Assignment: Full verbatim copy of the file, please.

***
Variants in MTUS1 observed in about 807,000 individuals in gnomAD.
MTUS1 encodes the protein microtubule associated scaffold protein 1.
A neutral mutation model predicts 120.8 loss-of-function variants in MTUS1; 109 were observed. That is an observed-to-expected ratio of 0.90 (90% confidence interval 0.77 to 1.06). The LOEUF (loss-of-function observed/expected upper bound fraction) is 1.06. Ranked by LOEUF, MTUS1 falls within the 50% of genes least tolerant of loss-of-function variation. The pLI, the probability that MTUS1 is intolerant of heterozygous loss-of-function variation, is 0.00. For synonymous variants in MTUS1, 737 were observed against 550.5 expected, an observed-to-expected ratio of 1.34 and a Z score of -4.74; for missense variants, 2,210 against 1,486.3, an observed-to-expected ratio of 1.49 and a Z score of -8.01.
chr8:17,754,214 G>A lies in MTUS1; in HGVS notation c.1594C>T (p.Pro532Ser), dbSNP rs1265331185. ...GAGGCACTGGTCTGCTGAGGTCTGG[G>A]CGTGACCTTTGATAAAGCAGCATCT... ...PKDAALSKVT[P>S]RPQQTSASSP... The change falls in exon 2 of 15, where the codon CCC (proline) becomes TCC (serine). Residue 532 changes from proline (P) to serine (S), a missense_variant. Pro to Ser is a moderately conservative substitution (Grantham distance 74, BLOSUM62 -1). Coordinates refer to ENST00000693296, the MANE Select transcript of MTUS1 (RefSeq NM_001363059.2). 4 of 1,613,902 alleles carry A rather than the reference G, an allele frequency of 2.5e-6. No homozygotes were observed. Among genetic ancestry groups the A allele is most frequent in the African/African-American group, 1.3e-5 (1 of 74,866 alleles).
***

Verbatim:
Variants in MTUS1 observed in about 807,000 individuals in gnomAD.
MTUS1 encodes the protein microtubule associated scaffold protein 1.
A neutral mutation model predicts 120.8 loss-of-function variants in MTUS1; 109 were observed. That is an observed-to-expected ratio of 0.90 (90% confidence interval 0.77 to 1.06). The LOEUF (loss-of-function observed/expected upper bound fraction) is 1.06. Ranked by LOEUF, MTUS1 falls within the 50% of genes least tolerant of loss-of-function variation. The pLI, the probability that MTUS1 is intolerant of heterozygous loss-of-function variation, is 0.00. For synonymous variants in MTUS1, 737 were observed against 550.5 expected, an observed-to-expected ratio of 1.34 and a Z score of -4.74; for missense variants, 2,210 against 1,486.3, an observed-to-expected ratio of 1.49 and a Z score of -8.01.
chr8:17,754,214 G>A lies in MTUS1; in HGVS notation c.1594C>T (p.Pro532Ser), dbSNP rs1265331185. ...GAGGCACTGGTCTGCTGAGGTCTGG[G>A]CGTGACCTTTGATAAAGCAGCATCT... ...PKDAALSKVT[P>S]RPQQTSASSP... The change falls in exon 2 of 15, where the codon CCC (proline) becomes TCC (serine). Residue 532 changes from proline (P) to serine (S), a missense_variant. Pro to Ser is a moderately conservative substitution (Grantham distance 74, BLOSUM62 -1). Coordinates refer to ENST00000693296, the MANE Select transcript of MTUS1 (RefSeq NM_001363059.2). 4 of 1,613,902 alleles carry A rather than the reference G, an allele frequency of 2.5e-6. No homozygotes were observed. Among genetic ancestry groups the A allele is most frequent in the African/African-American group, 1.3e-5 (1 of 74,866 alleles).